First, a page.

Welcome to Part 2 of The Politics of Gobbling! See The Politics of Gobbling Part One for the back story.
But first, from time to time I get accused of not being sensitive to our vegetarian friends.... to that end, if you are veg or if you are icked out by meat, please look away. This won't be overly graphic but I wouldn't want anyone to barf on their keyboard. But if you'd like to know how to save money, eat like a king, and learn a "new" skill, read on! Lets talk turkey!
As you know, we recently "dressed" (the polite way to say butchered) three of our big ol' Bourbon Red tom turkeys. They volunteered with their ruckus behavior - and because they were getting pretty darn big. So we had Turkey Day on Tax Day and had a great time. It really worked out well once we got the logistics down. First a quick nod to my pal, Buster, for his fabulous tips on his BYC thread about dressing his 50 lbs turkey..thanks, buddy! (NOTE: be warned, his post is graphic)
Our toms were big - not crazy big like Buster's 50 lbs monster, but big. We think all three dressed out to over 20 pounds each (probably closer to 25). The big story in this post is what happened after the turkeys rested in the extra-cold-beer-fridge for a couple days. Aging the meat makes it more tender and delicious.. so we let it set for 3 or 4 days.
Since its a little silly for just the two of us to roast a 25 lbs turkey.. I part turkeys up into manageable pieces and then freeze them for easy and quick dinners later. Even if you don't raise your own turkeys you can part up store bought turks when you find them on sale. Thanks to our local grocery store wars all of our local chains had 17lbs turkeys on sale for $5 last fall...so we loaded up at all the stores and had lots of cheap dinners using this parting up method.
OK here is where we get graphic....so turn away, or cowboy up and keep reading......
Here is the smallest of the three turkeys:
To be sure, we are the worst pluckers EVER and I'm sure that The Farm Master, known as Bourbon Red, is cringing at our shabby work...but really... we had enough chaos going on outside when we dressed these birds, so we did a rough pluck then I finished up when I'm parting them up inside. Here we go:
Start by removing the wings. Use your knife to cut around the joint, then thru tendons, then you should be able to twist and pull...and voila. Wing #1. Do the same on the other side.
Next, work on the thighs and legs. Use the same method of cutting around the joint, then thru, then twist and pull. Its easiest to cut the thigh off first, then take off the drumstick if you'd like them separate.
I put some of the thighs and drumstick in the crock pot to cook very slowly and the rest were put thru the Kitchenaide mixer/grinder attachment for ground meat. See how red and rich the meat is?
Now remove the breast -- see that I'm using a boning knife. Just following along the keel (breast bone) and get as much of the white meat as you can.
The last step is to cut the back from the breast section of the carcass. This can be tricky but there is a logical "break" between the two parts. CAREFULLY cut between the backbones..or if you have a big ol' clever then just give it a good whack.Or if you are super strong just break it. (Be careful!)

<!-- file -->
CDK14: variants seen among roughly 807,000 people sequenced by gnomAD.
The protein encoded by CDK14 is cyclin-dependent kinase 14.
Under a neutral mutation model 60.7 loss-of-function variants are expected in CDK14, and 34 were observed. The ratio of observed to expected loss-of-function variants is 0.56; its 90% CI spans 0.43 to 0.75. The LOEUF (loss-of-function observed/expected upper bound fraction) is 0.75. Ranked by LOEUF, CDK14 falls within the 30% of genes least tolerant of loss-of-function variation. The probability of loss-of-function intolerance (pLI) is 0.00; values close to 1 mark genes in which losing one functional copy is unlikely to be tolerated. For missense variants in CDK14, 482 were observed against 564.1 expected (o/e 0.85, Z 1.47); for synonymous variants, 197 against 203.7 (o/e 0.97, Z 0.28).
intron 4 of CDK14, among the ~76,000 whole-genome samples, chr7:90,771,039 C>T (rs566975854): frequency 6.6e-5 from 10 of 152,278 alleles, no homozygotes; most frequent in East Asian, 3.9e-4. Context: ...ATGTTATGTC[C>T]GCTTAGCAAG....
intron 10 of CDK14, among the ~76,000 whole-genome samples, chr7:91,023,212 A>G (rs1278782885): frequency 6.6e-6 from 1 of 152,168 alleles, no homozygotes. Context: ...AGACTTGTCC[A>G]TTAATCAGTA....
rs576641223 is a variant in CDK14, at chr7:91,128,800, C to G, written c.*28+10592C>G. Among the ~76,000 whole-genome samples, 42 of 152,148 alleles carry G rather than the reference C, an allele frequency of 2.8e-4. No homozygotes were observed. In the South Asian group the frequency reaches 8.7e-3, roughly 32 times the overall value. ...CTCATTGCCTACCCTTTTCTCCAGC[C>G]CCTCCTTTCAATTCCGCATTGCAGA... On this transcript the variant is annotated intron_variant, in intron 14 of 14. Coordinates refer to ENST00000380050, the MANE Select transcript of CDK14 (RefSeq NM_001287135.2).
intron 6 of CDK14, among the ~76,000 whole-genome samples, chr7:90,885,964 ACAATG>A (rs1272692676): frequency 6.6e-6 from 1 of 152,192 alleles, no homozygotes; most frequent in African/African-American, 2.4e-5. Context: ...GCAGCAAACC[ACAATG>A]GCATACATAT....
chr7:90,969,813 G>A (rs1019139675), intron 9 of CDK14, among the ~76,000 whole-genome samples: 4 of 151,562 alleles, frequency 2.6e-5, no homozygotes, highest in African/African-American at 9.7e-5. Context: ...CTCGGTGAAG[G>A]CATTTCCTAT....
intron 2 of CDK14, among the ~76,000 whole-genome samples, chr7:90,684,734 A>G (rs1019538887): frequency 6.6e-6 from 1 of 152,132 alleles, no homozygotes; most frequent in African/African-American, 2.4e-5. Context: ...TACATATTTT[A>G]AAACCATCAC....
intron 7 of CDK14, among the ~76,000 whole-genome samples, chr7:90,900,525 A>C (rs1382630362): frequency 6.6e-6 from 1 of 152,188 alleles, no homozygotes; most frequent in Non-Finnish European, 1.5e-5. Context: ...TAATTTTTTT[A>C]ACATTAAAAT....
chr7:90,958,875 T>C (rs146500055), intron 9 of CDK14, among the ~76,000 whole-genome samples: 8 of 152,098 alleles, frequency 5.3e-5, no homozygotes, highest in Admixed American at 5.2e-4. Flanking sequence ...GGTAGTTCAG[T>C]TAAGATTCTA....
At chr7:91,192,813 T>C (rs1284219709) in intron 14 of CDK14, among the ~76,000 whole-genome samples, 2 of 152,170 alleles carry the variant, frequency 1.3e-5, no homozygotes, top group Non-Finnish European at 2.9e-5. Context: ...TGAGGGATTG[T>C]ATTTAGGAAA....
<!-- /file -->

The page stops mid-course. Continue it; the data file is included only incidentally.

Put the neck, wings, and the rest of the bones in a big stock pot, cover with cold water and simmer for the richest, most luxurious stock ever. I let mine simmer over night HOWEVER I have the most reliable stove ever so I can do this with confidence. Please don't burn your house down or boil your pot dry.
When the stock is done I pick thru the leavin's, toss the bones, pick out the best pieces for us, then mound up whatever's left for the house cats. I don't give this to the dogs as the bones are too brittle... but cats will pick around the bones just fine. Our Teddi Grumpkins loves the neck pieces the best - she is going to eat like a queen for days!
The breasts will be frozen for easy dinners later. I really like Sunset magazine's method of cooking turkey parts in a 400* oven for about an hour over a bed of root vegetables. Of course I top with a little bacon for full farm effect.
I was supposed to take a picture of the completed dish, but honestly we attacked it like a pack of wolves. So the next night I made the same thing... and still didn't get the "after" shot... so..um.. here's what was left:
Seriously, we ate so much we were in a turkey coma. Normally we have enough for supper, sandwiches the next day, and then will use the veggies and the last bits to make a heavenly hash for breakfast the next day. But... dang that was good turkey. The dogs reported the next day that SOMEONE was standing by the light of the fridge about midnight snackin' on the last bits. We never did get our hash for breakfast.
That wasn't too icky was it? Really - this is a great way to get a lot of meals out of a typical holiday-only bird. Why wait for the holidays? Turkey is great on the grill and is a super quick, hands free supper.
There was a ruckus in the turkey yard earlier... it was the younger jakes ...I believe they are "volunteering" to come to dinner..and as good as our turkey dinner were, I believe we'll be dressing and parting up some more turkeys very very soon.
Happy Turkey everyone!